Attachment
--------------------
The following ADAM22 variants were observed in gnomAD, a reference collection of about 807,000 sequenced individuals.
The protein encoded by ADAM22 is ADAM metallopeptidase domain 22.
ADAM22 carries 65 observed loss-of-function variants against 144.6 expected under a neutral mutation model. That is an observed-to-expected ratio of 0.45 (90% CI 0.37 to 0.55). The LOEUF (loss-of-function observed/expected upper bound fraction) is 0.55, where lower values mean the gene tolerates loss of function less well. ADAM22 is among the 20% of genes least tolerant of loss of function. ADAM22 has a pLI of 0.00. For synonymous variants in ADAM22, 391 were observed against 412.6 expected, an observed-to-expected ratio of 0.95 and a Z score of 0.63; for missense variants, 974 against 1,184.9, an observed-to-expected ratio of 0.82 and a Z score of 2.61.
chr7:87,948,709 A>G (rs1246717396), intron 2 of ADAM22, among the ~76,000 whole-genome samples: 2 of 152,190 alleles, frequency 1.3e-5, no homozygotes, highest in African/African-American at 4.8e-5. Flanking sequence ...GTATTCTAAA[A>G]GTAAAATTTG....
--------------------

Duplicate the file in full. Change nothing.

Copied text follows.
The following ADAM22 variants were observed in gnomAD, a reference collection of about 807,000 sequenced individuals.
The protein encoded by ADAM22 is ADAM metallopeptidase domain 22.
ADAM22 carries 65 observed loss-of-function variants against 144.6 expected under a neutral mutation model. That is an observed-to-expected ratio of 0.45 (90% CI 0.37 to 0.55). The LOEUF (loss-of-function observed/expected upper bound fraction) is 0.55, where lower values mean the gene tolerates loss of function less well. ADAM22 is among the 20% of genes least tolerant of loss of function. ADAM22 has a pLI of 0.00. For synonymous variants in ADAM22, 391 were observed against 412.6 expected, an observed-to-expected ratio of 0.95 and a Z score of 0.63; for missense variants, 974 against 1,184.9, an observed-to-expected ratio of 0.82 and a Z score of 2.61.
chr7:87,948,709 A>G (rs1246717396), intron 2 of ADAM22, among the ~76,000 whole-genome samples: 2 of 152,190 alleles, frequency 1.3e-5, no homozygotes, highest in African/African-American at 4.8e-5. Flanking sequence ...GTATTCTAAA[A>G]GTAAAATTTG....